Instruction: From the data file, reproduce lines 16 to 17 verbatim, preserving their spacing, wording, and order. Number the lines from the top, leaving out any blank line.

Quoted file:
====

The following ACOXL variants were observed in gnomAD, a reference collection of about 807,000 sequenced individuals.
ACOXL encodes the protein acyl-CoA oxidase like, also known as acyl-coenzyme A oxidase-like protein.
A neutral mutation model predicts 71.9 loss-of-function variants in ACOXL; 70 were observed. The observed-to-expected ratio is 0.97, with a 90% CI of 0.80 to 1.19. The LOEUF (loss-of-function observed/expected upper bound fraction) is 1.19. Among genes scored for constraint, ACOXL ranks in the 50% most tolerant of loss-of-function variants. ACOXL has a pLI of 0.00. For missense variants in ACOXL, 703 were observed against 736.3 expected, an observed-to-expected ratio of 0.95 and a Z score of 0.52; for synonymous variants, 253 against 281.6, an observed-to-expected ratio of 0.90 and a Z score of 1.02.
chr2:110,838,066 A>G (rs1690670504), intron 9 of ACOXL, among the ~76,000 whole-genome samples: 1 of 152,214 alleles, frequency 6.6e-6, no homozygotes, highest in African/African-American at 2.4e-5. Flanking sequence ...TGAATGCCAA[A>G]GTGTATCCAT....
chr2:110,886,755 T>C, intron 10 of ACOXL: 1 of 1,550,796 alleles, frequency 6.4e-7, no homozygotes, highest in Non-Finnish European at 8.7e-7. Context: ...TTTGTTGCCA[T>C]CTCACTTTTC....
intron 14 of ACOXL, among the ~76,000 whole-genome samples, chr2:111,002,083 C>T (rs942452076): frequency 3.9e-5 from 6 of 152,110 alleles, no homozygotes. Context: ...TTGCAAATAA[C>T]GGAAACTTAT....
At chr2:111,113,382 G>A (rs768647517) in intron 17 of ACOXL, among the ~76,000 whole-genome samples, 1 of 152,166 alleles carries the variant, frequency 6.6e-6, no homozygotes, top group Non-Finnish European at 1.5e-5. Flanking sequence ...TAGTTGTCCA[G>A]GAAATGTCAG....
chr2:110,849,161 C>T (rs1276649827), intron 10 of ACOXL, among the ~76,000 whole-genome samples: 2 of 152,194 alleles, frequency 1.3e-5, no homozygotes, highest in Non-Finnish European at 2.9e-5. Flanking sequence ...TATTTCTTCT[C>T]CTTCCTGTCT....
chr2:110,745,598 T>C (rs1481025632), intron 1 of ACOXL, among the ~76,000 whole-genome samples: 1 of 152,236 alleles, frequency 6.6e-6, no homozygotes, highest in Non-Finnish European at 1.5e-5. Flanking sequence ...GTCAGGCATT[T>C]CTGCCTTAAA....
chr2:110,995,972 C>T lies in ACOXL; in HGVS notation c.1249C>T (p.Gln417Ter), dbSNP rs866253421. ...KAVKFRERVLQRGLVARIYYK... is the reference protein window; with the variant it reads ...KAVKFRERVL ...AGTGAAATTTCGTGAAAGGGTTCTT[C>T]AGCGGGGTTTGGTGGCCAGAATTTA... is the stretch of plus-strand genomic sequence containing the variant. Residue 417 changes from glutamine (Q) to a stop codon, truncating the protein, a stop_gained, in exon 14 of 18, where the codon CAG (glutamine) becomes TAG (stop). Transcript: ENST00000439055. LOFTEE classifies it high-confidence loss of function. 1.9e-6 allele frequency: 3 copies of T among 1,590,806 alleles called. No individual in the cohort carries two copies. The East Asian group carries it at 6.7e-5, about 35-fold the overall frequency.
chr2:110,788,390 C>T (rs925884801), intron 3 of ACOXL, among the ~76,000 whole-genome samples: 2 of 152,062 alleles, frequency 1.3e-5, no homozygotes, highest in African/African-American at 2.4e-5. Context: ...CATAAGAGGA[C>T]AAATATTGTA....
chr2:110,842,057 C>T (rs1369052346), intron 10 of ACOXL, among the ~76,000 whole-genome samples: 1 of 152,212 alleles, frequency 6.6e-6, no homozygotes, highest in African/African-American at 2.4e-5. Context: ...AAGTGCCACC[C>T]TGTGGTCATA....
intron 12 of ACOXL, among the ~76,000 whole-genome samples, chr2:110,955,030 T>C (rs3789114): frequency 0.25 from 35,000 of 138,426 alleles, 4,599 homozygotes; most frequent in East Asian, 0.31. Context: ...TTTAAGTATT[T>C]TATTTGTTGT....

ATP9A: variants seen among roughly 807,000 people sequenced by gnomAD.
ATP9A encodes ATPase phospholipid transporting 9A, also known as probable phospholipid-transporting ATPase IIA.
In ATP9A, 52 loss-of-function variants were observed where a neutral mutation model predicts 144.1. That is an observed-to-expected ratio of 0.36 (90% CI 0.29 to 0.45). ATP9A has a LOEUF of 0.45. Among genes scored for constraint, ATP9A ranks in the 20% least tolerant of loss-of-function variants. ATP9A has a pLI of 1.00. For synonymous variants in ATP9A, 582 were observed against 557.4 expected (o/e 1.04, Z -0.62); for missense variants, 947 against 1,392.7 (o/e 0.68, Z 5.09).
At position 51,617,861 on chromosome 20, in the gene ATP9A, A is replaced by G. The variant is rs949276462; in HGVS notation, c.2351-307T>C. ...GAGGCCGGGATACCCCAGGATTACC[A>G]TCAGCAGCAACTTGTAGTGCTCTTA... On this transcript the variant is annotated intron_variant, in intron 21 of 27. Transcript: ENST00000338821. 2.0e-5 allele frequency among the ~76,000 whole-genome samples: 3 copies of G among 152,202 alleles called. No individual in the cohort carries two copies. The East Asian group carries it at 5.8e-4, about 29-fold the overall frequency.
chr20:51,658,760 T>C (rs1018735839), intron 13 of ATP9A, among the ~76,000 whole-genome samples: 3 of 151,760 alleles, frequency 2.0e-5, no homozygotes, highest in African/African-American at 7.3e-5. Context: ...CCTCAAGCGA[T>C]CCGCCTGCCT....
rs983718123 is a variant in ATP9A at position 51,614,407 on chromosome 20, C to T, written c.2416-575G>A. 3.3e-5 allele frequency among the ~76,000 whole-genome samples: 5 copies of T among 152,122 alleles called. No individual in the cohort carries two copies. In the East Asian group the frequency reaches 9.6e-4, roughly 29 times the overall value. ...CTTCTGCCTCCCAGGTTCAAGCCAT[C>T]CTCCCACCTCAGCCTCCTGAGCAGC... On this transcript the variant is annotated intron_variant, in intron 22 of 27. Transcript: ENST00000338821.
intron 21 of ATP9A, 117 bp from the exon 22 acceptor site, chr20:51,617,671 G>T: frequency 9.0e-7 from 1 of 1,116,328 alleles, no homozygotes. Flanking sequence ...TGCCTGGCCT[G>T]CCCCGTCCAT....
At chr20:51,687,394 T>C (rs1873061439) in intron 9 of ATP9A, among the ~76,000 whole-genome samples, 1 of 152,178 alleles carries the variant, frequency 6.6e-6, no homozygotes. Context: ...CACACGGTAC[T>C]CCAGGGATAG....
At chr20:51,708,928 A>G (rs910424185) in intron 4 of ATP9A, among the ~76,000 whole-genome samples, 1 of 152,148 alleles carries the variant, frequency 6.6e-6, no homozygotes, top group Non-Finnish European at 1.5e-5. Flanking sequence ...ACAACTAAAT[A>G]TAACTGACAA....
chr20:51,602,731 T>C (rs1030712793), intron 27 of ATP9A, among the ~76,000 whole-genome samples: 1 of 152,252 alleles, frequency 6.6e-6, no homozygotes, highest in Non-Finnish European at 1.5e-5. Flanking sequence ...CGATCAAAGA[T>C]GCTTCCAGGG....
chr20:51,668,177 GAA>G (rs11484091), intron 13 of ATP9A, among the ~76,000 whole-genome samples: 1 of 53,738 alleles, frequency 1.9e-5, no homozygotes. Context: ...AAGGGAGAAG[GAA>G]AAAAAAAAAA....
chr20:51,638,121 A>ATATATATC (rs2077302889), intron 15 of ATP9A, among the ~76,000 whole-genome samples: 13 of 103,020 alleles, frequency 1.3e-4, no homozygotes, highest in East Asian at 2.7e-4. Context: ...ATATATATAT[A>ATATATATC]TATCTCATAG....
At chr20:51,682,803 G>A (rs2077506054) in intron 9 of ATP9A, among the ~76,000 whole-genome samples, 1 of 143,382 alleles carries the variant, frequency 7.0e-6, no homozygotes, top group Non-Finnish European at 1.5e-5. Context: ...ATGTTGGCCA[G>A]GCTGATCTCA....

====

In ATP9A, 52 loss-of-function variants were observed where a neutral mutation model predicts 144.1. That is an observed-to-expected ratio of 0.36 (90% CI 0.29 to 0.45). ATP9A has a LOEUF of 0.45. Among genes scored for constraint, ATP9A ranks in the 20% least tolerant of loss-of-function variants. ATP9A has a pLI of 1.00. For synonymous variants in ATP9A, 582 were observed against 557.4 expected (o/e 1.04, Z -0.62); for missense variants, 947 against 1,392.7 (o/e 0.68, Z 5.09).
At position 51,617,861 on chromosome 20, in the gene ATP9A, A is replaced by G. The variant is rs949276462; in HGVS notation, c.2351-307T>C. ...GAGGCCGGGATACCCCAGGATTACC[A>G]TCAGCAGCAACTTGTAGTGCTCTTA... On this transcript the variant is annotated intron_variant, in intron 21 of 27. Transcript: ENST00000338821. 2.0e-5 allele frequency among the ~76,000 whole-genome samples: 3 copies of G among 152,202 alleles called. No individual in the cohort carries two copies. The East Asian group carries it at 5.8e-4, about 29-fold the overall frequency.